Strategic Research Centre: Restoring balance in the gut for less inflammation in the lungs

Find out how Professor Daniel Peckham at the University of Leeds and a team of experts from around the world are looking for the link between the balance of bacteria in the gut of a person with cystic fibrosis and the degree of lung inflammation they experience during an infection.

Here’s a simple summary of the work – read on for more detail.

When we talk about bacteria, it’s usually bad news. However, this Strategic Research Centre is investigating the benefits of a healthy balance of good bacteria!

You have many different species of bacteria in your gut, which help to digest your food. The number and type of each species present seems to have an impact on the health of many parts of the human body. Various factors can affect these bacteria, including the use of antibiotics (such as those used to treat lung infections), as well as the levels of chemicals called ‘short chain fatty acids’ present in the gut. These are produced when certain types of fibre in your food are broken down by the bacteria. 

This research aims to investigate exactly how levels of short chain fatty acids and antibiotics affect the bacteria in the gut of people with CF, and if this has any effect on inflammation in the lungs, as well as looking at options for amending the diet of people with CF to help return the range of gut bacteria present to a healthy balance.

Now for the scientific detail!


The human gut contains billions of bacteria from hundreds of species; the collection of species is referred to as the gut 'microbiome'. The right combination of bacteria is essential for maintaining health, and changes in the species present can influence lung inflammation. In animal studies this occurs through the production of chemicals called ‘short chain fatty acids’ (SCFAs) by particular gut bacteria that break down fibre in the diet. SCFAs affect immune cells and influence inflammation and lung damage.  

In cystic fibrosis (CF), the gut microbiome is severely disturbed due to the effect of the presence of abnormal CFTR protein, antibiotic use, diet and proton pump inhibitors (a treatment for acid reflux). Increasing SCFAs and altering the gut microbiome could have the potential to reduce lung inflammation and improving lung health.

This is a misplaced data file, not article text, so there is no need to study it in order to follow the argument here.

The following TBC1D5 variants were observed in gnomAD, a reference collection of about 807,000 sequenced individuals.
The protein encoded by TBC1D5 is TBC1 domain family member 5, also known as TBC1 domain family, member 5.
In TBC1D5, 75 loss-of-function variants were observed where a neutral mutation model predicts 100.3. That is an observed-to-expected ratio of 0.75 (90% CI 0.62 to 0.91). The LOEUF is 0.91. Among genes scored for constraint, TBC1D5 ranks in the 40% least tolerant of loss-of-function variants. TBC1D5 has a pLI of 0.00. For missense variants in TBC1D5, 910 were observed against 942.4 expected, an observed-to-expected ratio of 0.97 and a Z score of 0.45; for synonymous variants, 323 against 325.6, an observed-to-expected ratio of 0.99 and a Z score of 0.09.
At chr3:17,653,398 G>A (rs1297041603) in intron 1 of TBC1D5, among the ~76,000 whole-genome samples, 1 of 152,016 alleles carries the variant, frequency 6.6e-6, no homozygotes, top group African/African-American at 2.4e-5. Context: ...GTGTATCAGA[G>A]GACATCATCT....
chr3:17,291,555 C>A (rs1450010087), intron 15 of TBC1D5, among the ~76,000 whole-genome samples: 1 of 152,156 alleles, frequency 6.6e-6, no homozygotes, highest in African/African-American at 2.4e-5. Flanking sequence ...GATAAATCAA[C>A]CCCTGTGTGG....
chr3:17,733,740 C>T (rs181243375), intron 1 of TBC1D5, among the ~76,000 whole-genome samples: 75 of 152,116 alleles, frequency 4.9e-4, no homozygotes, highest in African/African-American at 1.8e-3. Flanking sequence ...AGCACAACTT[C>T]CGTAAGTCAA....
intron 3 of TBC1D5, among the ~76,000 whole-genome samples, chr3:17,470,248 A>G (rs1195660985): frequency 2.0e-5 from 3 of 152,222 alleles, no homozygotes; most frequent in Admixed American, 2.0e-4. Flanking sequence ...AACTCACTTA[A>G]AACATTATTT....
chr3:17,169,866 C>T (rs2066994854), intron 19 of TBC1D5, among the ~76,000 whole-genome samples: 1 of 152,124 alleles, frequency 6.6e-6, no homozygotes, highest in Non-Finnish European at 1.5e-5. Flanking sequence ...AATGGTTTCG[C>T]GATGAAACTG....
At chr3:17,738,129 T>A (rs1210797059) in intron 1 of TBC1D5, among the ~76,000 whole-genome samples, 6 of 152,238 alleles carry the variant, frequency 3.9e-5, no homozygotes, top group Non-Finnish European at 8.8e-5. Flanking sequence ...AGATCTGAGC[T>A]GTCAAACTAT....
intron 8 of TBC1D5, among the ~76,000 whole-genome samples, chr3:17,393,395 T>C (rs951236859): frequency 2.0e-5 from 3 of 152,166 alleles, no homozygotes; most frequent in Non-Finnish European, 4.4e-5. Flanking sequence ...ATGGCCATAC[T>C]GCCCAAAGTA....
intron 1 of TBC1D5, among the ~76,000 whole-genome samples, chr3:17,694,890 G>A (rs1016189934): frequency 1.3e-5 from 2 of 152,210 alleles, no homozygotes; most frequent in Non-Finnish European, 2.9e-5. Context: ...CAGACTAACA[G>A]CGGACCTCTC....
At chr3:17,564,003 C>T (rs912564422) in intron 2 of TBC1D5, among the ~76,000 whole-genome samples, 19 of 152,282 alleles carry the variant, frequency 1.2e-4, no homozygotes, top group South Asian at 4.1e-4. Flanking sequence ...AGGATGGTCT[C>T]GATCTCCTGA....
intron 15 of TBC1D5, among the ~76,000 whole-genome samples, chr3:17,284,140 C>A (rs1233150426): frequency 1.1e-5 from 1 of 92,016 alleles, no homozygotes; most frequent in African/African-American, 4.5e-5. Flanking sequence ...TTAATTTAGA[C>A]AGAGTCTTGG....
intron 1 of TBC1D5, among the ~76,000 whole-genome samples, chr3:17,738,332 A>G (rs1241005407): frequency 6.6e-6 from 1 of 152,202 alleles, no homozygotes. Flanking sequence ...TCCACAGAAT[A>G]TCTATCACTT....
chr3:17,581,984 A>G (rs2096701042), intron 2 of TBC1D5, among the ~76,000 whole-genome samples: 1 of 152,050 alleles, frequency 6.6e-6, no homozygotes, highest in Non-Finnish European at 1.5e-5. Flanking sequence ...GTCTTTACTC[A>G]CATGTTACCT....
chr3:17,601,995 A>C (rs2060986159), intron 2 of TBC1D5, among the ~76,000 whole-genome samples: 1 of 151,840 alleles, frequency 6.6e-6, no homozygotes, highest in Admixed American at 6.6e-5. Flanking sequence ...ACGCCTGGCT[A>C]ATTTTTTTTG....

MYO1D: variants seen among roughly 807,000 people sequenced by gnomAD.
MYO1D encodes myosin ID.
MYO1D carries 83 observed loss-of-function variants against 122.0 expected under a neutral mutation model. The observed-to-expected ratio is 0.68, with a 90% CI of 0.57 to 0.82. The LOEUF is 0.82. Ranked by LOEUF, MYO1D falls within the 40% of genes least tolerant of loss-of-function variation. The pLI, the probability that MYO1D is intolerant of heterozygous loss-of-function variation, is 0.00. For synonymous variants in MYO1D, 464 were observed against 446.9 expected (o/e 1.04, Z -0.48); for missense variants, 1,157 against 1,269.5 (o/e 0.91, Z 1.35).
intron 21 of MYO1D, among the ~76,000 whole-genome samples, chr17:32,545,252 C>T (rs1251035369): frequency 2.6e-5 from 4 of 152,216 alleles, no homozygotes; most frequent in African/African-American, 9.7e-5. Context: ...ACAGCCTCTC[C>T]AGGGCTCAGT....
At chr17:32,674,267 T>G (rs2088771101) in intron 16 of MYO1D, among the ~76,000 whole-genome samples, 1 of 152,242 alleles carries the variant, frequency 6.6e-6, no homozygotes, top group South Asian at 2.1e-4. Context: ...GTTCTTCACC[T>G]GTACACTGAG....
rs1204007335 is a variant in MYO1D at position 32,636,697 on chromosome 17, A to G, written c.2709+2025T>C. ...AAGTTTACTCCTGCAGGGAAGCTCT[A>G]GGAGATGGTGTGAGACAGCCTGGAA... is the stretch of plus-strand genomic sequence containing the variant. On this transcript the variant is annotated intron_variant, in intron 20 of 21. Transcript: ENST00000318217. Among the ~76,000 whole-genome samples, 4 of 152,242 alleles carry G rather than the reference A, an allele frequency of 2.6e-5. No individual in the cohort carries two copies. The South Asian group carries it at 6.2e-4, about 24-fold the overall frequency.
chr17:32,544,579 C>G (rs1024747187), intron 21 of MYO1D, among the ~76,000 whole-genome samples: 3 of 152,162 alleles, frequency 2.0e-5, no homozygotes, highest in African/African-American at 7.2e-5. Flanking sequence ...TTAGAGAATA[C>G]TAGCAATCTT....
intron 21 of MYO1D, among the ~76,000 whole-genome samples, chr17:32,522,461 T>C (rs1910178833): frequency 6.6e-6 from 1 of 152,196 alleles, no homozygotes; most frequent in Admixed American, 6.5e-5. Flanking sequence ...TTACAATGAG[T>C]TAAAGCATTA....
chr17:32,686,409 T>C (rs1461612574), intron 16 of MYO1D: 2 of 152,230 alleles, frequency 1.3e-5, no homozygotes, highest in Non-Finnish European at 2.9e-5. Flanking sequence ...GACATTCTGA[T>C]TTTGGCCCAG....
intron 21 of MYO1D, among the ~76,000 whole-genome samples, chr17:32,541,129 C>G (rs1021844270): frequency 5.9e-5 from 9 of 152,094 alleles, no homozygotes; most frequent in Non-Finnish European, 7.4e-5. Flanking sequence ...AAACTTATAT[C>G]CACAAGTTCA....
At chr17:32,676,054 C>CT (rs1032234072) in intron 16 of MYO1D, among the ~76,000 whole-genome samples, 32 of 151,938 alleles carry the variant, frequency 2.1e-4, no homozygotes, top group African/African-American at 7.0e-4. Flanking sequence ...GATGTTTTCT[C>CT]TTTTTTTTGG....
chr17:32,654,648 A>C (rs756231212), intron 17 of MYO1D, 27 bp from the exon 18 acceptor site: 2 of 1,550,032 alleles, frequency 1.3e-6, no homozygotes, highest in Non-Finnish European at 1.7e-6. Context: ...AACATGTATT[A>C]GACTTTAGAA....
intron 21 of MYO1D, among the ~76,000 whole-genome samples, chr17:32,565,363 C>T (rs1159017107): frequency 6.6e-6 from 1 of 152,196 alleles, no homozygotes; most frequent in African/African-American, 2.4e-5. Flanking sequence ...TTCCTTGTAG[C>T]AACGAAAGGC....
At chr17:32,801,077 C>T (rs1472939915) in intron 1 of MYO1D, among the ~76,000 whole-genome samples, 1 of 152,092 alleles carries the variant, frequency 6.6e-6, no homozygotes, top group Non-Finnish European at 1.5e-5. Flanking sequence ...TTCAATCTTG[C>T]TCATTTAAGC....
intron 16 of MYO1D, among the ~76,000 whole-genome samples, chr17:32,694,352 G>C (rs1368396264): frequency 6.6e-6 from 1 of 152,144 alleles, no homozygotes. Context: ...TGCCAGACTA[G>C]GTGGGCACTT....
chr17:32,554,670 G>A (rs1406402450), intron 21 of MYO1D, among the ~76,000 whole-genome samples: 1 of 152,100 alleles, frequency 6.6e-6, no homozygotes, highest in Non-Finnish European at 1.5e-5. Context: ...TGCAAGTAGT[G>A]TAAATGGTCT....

How it will work

Led by Professor Daniel Peckham, University of Leeds, this SRC will study the relationship between decline in lung function, gut microbiome and gut SCFA levels in people with CF, and, using a murine model, will investigate the influence of SCFAs on lung responses during infection. The influence of antibiotics and SCFAs on the CF gut microbiome will be explored, using a novel human gut model, and analysis of the effect of SCFAs on immune cells. A study to examine the effect of adding SCFAs and/or fermentable fibre to the diet on inflammation in the lungs.

There is a real clinical need to evaluate the influence of diet and antibiotics on the CF gut microbiome, and determine how these changes influence inflammation in the lung and rest of the body. This collaborative research is topical, highly relevant to people with CF and gives centres of excellence the opportunity to share their knowledge and expertise with each other. 

What are the aims?

This research group will seek to:

  • Gather a better understanding of the gut microbiome and SCFA levels in patients with CF;  
  • Understand the influence of antibiotics, diet (particularly fermentable fibre), and SCFAs and other metabolites on gut microbiome in mouse and human gut models;   
  • Work out what influence SCFAs have on lung responses in a mouse model; 
  • Determine the mechanisms by which bacterial products on CF macrophages and neutrophils and their bone marrow precursors at an epigenetic, transcriptional, and functional level.

Lead Principal Investigator (PI): Professor Daniel Peckham (University of Leeds)


  • Professor Andres Floto (University of Cambridge)
  • Professor Benjamin Marsland (Monash University, Melbourne, Australia)
  • Dr Jeffrey Barrett (Wellcome Trust Sanger Institute)
  • Dr Helen White (Leeds Beckett University)
  • Professor Mark Wilcox (University of Leeds)
  • Professor David Jayne (University of Leeds)

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